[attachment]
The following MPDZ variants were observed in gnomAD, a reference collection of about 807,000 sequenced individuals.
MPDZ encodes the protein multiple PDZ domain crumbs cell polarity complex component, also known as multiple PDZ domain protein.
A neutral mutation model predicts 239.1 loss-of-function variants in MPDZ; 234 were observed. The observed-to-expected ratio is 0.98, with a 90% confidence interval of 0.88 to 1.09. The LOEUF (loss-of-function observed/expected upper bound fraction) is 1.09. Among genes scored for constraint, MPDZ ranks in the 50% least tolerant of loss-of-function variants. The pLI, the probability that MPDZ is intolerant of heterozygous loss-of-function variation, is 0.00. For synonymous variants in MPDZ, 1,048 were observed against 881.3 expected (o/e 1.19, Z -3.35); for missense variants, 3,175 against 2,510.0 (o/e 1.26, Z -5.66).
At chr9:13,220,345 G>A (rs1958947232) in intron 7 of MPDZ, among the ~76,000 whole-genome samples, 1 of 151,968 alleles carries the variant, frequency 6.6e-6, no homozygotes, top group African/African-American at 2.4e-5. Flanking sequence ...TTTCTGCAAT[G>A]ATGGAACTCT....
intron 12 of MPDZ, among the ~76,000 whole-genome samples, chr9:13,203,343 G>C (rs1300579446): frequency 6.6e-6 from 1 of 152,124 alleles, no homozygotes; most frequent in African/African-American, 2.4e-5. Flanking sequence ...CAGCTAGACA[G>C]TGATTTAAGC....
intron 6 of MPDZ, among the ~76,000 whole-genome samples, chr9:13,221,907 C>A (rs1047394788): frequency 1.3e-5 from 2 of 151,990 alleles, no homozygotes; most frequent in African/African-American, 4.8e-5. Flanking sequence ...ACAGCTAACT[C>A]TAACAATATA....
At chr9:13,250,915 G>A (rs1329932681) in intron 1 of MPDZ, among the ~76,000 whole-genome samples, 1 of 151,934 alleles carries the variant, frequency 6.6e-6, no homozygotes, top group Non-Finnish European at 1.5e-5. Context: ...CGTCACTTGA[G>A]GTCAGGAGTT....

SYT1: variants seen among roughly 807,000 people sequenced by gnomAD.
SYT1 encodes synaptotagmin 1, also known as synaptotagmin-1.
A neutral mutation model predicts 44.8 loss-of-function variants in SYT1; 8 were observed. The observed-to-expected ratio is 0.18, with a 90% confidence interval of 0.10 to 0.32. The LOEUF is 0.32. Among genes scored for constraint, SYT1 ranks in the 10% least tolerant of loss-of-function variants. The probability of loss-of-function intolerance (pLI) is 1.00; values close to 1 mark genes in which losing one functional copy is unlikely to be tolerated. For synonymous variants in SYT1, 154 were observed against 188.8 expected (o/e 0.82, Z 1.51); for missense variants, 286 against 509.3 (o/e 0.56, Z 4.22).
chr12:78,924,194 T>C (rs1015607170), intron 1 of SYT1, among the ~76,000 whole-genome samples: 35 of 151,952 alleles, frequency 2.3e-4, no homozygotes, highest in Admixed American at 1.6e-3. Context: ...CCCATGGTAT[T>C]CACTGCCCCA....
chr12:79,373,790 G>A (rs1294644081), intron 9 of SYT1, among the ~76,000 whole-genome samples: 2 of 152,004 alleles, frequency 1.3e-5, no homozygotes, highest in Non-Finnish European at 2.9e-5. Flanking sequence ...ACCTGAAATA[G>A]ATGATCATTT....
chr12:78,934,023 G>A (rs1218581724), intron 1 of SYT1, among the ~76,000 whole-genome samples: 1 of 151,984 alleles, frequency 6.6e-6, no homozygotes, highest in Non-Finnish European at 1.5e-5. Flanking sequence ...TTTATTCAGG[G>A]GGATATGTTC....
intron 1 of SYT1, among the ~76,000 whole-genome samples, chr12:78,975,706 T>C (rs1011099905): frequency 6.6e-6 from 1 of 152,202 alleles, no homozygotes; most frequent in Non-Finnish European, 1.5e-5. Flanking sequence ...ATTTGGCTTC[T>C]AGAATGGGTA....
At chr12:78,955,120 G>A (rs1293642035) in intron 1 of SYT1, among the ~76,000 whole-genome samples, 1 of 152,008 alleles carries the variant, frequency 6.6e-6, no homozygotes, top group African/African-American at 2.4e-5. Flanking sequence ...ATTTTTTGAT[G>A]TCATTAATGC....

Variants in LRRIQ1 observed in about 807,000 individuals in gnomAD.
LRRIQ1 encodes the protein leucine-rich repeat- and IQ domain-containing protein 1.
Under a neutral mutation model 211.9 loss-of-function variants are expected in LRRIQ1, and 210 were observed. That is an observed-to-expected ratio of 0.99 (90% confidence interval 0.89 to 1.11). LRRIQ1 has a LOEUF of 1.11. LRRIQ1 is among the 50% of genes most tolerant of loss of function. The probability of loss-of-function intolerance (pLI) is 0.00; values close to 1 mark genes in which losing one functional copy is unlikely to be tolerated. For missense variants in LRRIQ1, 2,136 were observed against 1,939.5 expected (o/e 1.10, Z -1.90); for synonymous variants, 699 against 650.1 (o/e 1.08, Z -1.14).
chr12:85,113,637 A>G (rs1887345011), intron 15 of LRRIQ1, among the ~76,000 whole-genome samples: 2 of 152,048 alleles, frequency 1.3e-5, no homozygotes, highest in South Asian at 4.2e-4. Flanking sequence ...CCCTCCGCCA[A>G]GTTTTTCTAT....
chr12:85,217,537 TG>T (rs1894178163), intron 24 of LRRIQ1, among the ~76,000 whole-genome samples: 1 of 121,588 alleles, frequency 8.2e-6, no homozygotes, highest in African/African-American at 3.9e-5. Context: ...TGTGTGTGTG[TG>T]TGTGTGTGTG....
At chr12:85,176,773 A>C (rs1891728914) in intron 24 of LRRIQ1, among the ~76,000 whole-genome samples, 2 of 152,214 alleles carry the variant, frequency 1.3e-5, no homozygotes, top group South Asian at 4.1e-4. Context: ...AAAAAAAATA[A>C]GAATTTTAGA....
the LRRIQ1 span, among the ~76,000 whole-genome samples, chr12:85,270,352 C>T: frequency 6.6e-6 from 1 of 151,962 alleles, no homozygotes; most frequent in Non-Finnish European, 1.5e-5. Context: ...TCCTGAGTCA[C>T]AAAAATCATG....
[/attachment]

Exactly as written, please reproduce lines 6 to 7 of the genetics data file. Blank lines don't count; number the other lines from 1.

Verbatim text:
intron 6 of MPDZ, among the ~76,000 whole-genome samples, chr9:13,221,907 C>A (rs1047394788): frequency 1.3e-5 from 2 of 151,990 alleles, no homozygotes; most frequent in African/African-American, 4.8e-5. Flanking sequence ...ACAGCTAACT[C>A]TAACAATATA....
At chr9:13,250,915 G>A (rs1329932681) in intron 1 of MPDZ, among the ~76,000 whole-genome samples, 1 of 151,934 alleles carries the variant, frequency 6.6e-6, no homozygotes, top group Non-Finnish European at 1.5e-5. Context: ...CGTCACTTGA[G>A]GTCAGGAGTT....